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26 February 2021

Patching the kernel on Fedora

by Arjen P. de Vries

My desktop has run Fedora Core ever since I joined CWI in 1999 (and I remember being excited that a real institute ran all its desktops on Linux!).

Things usually run perfectly fine, aside the occasional struggle with SELinux, GNOME and Wayland to make those do what I want. Not that long after my update to Fedora Core 33 (FC33), but not right away, the graphical drivers started to misbehave. Luckily, I was not the first to encounter this problem, and after a few searches I discovered that the Red Hat team had already been working toward a solution for [Bug 1925346] (Screen glitches after updating to Kernel 5.10.10).

Red Hat’s Hans de Goede has created koji kernels as a workaround, that seem to resolve the problem, but these do not go well together with UEFI BIOSes (those are unsigned). Kindly, Hans has shared a patch, so off we go! Back to the times predating Red Hat and Ubuntu, when we had to build our own kernels on a regular basis…

Note: You do not have to compile a kernel any longer, since the proposed update is already available in the Red Hat testing repo.


Fedora Core has a handy kernel build system that is however not that well documented (although there is some info on the wiki).

Depending on the size of the partition that contains your home directory, it may be wise to select a location on a different disk for the intermediate files that are created during the building process:


Move the package repository to this new location:

mkdir -p ${MYRPMROOT}

echo %_topdir ${MYRPMROOT} >> ${HOME}/.rpmmacros

Clone the kernel tree and switch to the FC33 release branch:

fedpkg clone -a kernel
cd kernel
fedpkg switch-branch f33


In kernel.spec set buildid to .i915p (or whatever you like); and set the signing certificate (creating your own kernel siging certificates is a nice topic for a companion post…).

%define buildid .i915p
%define pe_signing_cert {Tiqre BV}

Configure the kernel (modules) by modifying the kernel-local file, that will be picked up when you build; see also the kconfig.txt documentation.

cat >> kernel-local <<__EOF__

The options I chose here ensure that the kernel config file ends up in /proc/config.gz. An alternative approach would be to directly copy (and then edit) an existing kernel config file to .config:

cp kernel-x86_64-fedora.config .config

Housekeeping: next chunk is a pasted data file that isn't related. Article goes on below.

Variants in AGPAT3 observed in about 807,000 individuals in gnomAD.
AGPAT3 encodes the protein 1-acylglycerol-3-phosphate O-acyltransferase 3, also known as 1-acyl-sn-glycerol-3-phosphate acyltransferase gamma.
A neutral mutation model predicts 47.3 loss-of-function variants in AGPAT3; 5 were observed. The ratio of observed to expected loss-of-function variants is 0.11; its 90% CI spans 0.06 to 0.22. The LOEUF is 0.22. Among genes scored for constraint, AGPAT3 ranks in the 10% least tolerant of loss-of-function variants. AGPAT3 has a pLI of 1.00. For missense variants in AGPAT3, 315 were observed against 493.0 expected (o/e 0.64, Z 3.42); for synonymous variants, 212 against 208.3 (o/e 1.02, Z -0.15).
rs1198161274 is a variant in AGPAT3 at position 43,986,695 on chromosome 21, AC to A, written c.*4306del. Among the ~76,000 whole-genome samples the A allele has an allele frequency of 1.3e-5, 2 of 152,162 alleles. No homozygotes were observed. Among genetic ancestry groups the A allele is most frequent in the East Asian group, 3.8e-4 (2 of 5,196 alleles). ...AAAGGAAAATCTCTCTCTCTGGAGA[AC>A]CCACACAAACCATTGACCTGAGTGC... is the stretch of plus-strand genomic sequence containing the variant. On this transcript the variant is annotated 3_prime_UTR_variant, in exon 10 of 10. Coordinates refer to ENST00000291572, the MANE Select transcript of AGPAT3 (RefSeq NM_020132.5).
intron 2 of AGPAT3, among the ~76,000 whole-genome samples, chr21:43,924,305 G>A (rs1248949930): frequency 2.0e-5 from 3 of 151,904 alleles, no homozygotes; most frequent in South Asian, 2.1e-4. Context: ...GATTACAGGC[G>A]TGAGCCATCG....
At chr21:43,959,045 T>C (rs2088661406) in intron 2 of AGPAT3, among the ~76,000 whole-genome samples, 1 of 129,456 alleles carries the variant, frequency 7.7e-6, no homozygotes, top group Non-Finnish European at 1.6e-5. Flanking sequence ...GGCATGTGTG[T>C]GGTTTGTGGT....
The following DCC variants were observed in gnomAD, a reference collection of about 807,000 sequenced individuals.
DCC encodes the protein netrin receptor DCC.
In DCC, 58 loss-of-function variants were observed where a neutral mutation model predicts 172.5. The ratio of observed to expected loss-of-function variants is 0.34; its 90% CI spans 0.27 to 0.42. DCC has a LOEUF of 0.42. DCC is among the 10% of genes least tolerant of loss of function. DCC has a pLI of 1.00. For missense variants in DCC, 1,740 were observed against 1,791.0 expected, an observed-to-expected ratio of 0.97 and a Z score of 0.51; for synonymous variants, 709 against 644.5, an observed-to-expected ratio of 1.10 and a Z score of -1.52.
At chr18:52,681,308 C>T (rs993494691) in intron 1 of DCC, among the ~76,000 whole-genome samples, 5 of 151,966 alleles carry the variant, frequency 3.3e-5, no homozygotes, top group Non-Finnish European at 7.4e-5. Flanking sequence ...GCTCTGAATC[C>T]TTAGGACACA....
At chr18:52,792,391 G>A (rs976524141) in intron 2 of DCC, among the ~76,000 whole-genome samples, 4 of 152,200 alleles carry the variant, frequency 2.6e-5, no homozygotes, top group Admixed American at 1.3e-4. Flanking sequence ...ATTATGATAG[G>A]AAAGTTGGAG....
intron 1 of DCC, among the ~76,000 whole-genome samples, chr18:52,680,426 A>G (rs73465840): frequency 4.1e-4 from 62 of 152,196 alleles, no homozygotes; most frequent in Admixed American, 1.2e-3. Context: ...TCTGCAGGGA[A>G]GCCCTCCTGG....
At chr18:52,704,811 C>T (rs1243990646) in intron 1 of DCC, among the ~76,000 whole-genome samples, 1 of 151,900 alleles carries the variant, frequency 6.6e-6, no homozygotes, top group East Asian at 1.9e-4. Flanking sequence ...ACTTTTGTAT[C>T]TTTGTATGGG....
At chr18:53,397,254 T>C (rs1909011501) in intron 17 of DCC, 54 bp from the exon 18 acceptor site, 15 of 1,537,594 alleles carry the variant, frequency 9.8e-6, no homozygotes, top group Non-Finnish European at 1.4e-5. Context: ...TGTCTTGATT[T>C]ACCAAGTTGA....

Add patches

Download the patch file provided and copy it into the kernel directory:

cp ~/Downloads/i915-fixes.patch .

Add the patch name to kernel.spec, at the bottom of the list of patches that should be applied (right above # END OF PATCH DEFINITIONS):

Patch9001: i915-fixes.patch

When building the kernel below, the logs include the results of applying the three individual patches to the Intel drivers that make up the i915-fixes patch:

Applying: drm/i915/gt: One more flush for Baytrail clear residuals
Applying: drm/i915/gt: Flush before changing register state
Applying: drm/i915/gt: Correct surface base address for renderclear

Build the kernel

Install kernel-specific dependencies and build a new kernel (assuming that you do not need the debug versions of kernel and modules):

sudo dnf builddep kernel.spec
make release

I think you can safely ignore the error: %changelog not in descending chronological order (seems to be a known problem with timezones in the rpm version that ships with FC33).

You can now build a complete kernel release with fedpkg local but I prefer the fast track approach that creates less packages, by for example not including the debug ones in the build:

fedpkg srpm
export MYKERNELVERSION=kernel-5.10.17-206.i915p
./scripts/ x86_64 ${MYKERNELVERSION}.fc33.src.rpm

Adapt the kernel version environment variable according to output!

Now, go make yourself a large cup of coffee, because no matter how powerful machines have become, building a kernel takes considerable time.

Install the kernel

Upon successful completion of the build, the new packages are created in the RPMS directory we created at the start. Install the files using dnf:

sudo dnf install $MYRPMROOT/RPMS/x86_64/*${MYKERNELVERSION}*

After rebooting, uname -sr shows the (expected) Linux 5.10.17-206.i915p.fc33.x86_64, and, no more problems with the Intel video card.


Hans de Goede has been so kind to share the composite patch that contains the exact three modifications on the Intel driver that we need. Also, I would never have understood the Fedora kernel compilation process without this very helpful post.

tags: linux